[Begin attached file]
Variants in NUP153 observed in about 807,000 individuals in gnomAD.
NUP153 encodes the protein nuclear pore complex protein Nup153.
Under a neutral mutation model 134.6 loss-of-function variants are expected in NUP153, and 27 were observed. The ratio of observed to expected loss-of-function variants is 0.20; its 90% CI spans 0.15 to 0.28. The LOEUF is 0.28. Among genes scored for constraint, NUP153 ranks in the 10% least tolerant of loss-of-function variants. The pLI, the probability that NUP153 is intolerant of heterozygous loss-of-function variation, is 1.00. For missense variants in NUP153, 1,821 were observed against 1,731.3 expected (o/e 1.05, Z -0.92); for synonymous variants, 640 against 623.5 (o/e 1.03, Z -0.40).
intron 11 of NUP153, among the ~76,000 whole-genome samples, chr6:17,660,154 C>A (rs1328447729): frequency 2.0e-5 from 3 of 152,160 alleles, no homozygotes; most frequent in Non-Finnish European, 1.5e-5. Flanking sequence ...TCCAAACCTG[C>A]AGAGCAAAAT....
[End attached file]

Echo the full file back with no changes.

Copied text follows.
Variants in NUP153 observed in about 807,000 individuals in gnomAD.
NUP153 encodes the protein nuclear pore complex protein Nup153.
Under a neutral mutation model 134.6 loss-of-function variants are expected in NUP153, and 27 were observed. The ratio of observed to expected loss-of-function variants is 0.20; its 90% CI spans 0.15 to 0.28. The LOEUF is 0.28. Among genes scored for constraint, NUP153 ranks in the 10% least tolerant of loss-of-function variants. The pLI, the probability that NUP153 is intolerant of heterozygous loss-of-function variation, is 1.00. For missense variants in NUP153, 1,821 were observed against 1,731.3 expected (o/e 1.05, Z -0.92); for synonymous variants, 640 against 623.5 (o/e 1.03, Z -0.40).
intron 11 of NUP153, among the ~76,000 whole-genome samples, chr6:17,660,154 C>A (rs1328447729): frequency 2.0e-5 from 3 of 152,160 alleles, no homozygotes; most frequent in Non-Finnish European, 1.5e-5. Flanking sequence ...TCCAAACCTG[C>A]AGAGCAAAAT....